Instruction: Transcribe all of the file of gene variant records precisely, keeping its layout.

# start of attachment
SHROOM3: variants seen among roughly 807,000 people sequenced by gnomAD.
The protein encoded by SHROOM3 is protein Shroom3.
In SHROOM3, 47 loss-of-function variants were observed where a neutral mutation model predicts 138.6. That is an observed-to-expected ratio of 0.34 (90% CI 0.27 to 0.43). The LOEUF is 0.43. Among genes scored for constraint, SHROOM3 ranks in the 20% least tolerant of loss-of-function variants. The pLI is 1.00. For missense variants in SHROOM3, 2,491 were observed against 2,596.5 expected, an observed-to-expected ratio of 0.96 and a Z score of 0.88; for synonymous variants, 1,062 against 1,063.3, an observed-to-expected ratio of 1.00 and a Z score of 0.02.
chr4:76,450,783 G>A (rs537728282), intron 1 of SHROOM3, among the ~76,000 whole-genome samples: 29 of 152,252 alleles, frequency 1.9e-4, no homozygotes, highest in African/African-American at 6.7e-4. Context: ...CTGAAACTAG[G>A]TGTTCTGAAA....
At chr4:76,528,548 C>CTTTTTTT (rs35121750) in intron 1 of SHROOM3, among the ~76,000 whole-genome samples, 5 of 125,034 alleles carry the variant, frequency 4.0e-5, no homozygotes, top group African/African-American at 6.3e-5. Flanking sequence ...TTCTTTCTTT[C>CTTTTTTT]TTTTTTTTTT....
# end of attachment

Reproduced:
SHROOM3: variants seen among roughly 807,000 people sequenced by gnomAD.
The protein encoded by SHROOM3 is protein Shroom3.
In SHROOM3, 47 loss-of-function variants were observed where a neutral mutation model predicts 138.6. That is an observed-to-expected ratio of 0.34 (90% CI 0.27 to 0.43). The LOEUF is 0.43. Among genes scored for constraint, SHROOM3 ranks in the 20% least tolerant of loss-of-function variants. The pLI is 1.00. For missense variants in SHROOM3, 2,491 were observed against 2,596.5 expected, an observed-to-expected ratio of 0.96 and a Z score of 0.88; for synonymous variants, 1,062 against 1,063.3, an observed-to-expected ratio of 1.00 and a Z score of 0.02.
chr4:76,450,783 G>A (rs537728282), intron 1 of SHROOM3, among the ~76,000 whole-genome samples: 29 of 152,252 alleles, frequency 1.9e-4, no homozygotes, highest in African/African-American at 6.7e-4. Context: ...CTGAAACTAG[G>A]TGTTCTGAAA....
At chr4:76,528,548 C>CTTTTTTT (rs35121750) in intron 1 of SHROOM3, among the ~76,000 whole-genome samples, 5 of 125,034 alleles carry the variant, frequency 4.0e-5, no homozygotes, top group African/African-American at 6.3e-5. Flanking sequence ...TTCTTTCTTT[C>CTTTTTTT]TTTTTTTTTT....